1. Take notes when you watch the following video and think carefully about what James Prosek says about seeing nature:
Note also what Jane Kim says about her art, painting birds:
2. Read about the exhibition “Maria Sibylla Merian and Daughters: Women of Art and Science.” Watch the slideshow and read or listen to all of the commentary for each and take notes.
Maria Sibylla Merian and Daughters: Women in Art and Science
3. Watch the following two technical videos:
4. And last but not least, here is a site with beautiful drawings from the Farallon Islands by a professional illustrator, Sophie Webb. Maybe you know some of her books!
1. Listen to former Met curator, Thomas Hoving, introduce the Morandi show:
2. Read the review in the NY Times which gives background about the artist, his context, and ideas about the significance of his work.
3. Watch the video of a collection of his works:
4. Now, in your sketchbook comments, explain which things you think were most important in making Morandi the artist that he was (biography, history, work habits, beliefs) and which things are most important to you as an artist making your own still life.
In your sketchbook, spend an hour drawing objects from home using full tonal shading and (almost) no contours. Work from a light gestural structural skeleton and then add continuous tone.
For your own interest, you may want to watch the time lapse still life drawings below:
Watch this drawing take shape from analytic phase to the final blending.
Here is a quick description of analyzing form and looking for formal elements in a still life composition:
Anthropomorphic animals in art history
Choose three that are interesting to you from the search site above and sketch it and write bullets points about the signification and style.
Divide the essay below into 3 parts and share the major points of your portion.
Look at the following two sites and make notes about the ways in which this practice can convey ideas about culture and humanistic themes.
Read about the importance of predators and take notes on the various eco chains mentioned:
Predators in crisis
Make notes on the interconnectedness of nature in the Yellowstone ecosystem:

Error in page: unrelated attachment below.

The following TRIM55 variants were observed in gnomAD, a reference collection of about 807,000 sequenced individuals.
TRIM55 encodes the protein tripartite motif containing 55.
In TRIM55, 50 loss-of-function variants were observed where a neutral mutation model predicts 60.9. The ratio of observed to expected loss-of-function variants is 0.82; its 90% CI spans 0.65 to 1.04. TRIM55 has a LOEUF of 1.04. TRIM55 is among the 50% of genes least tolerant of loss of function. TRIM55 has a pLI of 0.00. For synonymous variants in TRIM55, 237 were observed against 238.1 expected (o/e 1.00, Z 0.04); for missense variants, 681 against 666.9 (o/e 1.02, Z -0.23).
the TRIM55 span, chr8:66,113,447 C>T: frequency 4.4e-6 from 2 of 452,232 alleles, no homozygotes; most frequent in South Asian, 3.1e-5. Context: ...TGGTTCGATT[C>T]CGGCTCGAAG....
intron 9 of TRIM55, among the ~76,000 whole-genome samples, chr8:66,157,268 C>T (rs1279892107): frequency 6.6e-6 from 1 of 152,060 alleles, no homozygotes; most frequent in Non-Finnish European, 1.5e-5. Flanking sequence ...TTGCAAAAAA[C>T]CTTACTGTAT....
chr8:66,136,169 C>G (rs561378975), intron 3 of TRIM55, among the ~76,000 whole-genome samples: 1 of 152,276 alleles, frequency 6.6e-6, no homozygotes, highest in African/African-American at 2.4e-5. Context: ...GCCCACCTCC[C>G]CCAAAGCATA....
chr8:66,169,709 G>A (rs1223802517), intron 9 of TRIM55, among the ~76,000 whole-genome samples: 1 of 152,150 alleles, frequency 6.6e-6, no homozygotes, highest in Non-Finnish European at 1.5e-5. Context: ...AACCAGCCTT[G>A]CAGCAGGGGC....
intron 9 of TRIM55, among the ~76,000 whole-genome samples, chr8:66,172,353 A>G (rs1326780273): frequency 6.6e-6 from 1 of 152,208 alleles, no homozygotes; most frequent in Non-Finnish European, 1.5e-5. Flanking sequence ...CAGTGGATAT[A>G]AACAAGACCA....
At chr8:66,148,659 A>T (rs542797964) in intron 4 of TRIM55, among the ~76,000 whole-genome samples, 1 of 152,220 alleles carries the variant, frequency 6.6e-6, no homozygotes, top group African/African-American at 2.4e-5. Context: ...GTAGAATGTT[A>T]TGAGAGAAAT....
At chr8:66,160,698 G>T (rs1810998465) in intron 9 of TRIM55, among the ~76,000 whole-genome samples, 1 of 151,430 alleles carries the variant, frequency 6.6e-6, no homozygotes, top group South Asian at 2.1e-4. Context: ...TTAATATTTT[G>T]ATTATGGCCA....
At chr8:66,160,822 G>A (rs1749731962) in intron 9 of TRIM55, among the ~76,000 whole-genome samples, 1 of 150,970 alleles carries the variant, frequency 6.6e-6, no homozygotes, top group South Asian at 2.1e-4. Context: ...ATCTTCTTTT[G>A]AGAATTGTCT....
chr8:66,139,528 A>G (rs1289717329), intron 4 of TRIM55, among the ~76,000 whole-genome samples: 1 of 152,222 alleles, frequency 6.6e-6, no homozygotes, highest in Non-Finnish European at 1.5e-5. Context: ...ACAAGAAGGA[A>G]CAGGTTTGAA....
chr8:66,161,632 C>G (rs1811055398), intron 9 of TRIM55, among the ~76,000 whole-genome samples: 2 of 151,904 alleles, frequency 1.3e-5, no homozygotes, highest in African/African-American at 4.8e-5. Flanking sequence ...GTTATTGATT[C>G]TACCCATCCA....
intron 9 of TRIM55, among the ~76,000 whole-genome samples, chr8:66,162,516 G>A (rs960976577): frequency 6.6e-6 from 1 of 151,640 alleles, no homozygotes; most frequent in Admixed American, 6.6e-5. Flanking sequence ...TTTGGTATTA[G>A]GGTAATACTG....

Look at the following website and be sure to look at: Gallery Artists, On the Easel (Work in Progress), and Blog: Art Stories (Niki Firmin, in particular, and the stages of her painting “Raising a Little Dust”) Pay careful attention to the importance of composition as well as detail.
Look at the website of Alison Nicholls and her stylized artwork. Then go to her blog and read the article about the success of conservation linked to Mongabay.com:
For inspiration, here is a breathtaking video on whales and a link to Andrea Rich, a local, nationally known, wildlife artist.
Make notes about wildlife conservation issues important to you and do some research, gather some images, draw some thumbnail composition ideas, in preparation for your small painting.
An important article and Ted talk to add to our discussion:
Over the next 3 weekends, Santa Cruz County artists will open their studios to visitors to show their art and art making processes.
Attend a total of 3 artist studios. For each visit, write down the artist’s name, take notes, and be ready to share in class:
1. your impressions of each studio and artwork. Include a small drawing of something that interests you in the studio (the art, materials, work space, etc.).
2. the artist’s techniques and processes (this information is posted in their studio, if you don’t see it, ask about their technique). AND,
3. the inspiration for your own art work (either by a desire to emulate the artist or for a manner to differentiate your work from the artist).
For extra credit, attend the Preview Show at the Santa Cruz Art League at 526 Broadway (scal.org). Share the artist and title for what you would award as the 1st, 2nd, and 3rd place in the whole show and explain why.
Students may attend the studios together but they should have independent notes. You also may be inspired to visit particular artists by hearing others’ comments.
Do all three on one weekend or one each weekend, but don’t leave until the last day! You can share each Monday or by the final Monday. Plan it out.
There are Guide Booklets in art rooms 216 and 222 with maps if you want to plan your weekend trips. South County is the first weekend, North County the second, and some artists are open for the third All County weekend.
Take notes in your sketchbook on all of the following.
View the Russ McMullins scratchboard tutorial.
and the video tutorial by Lars Erik Robinson
View the compositions and techniques in the link below:
Read about the ideas regarding each of these flower paintings. Look at the comments, the symbolism, and the composition in each:
10 flower paintings to know
At home, research online ideas about the symbolism of flowers and the particular meaning you want to signify by the flowers you choose. You may bring in a real flower to work from, a photo you have taken of a flower, or use a photo from the internet of a flower, as long as you combine it with foliage from another photo and change the composition.
You will be using cross contours as you scratch away the light. Note the method of looking at light rather than dark as you draw. How is it different from the way you usually see and usually draw? What will your aesthetic goals be with this scratchboard drawing, and your Creative Extension?
UC Santa Cruz Arboretum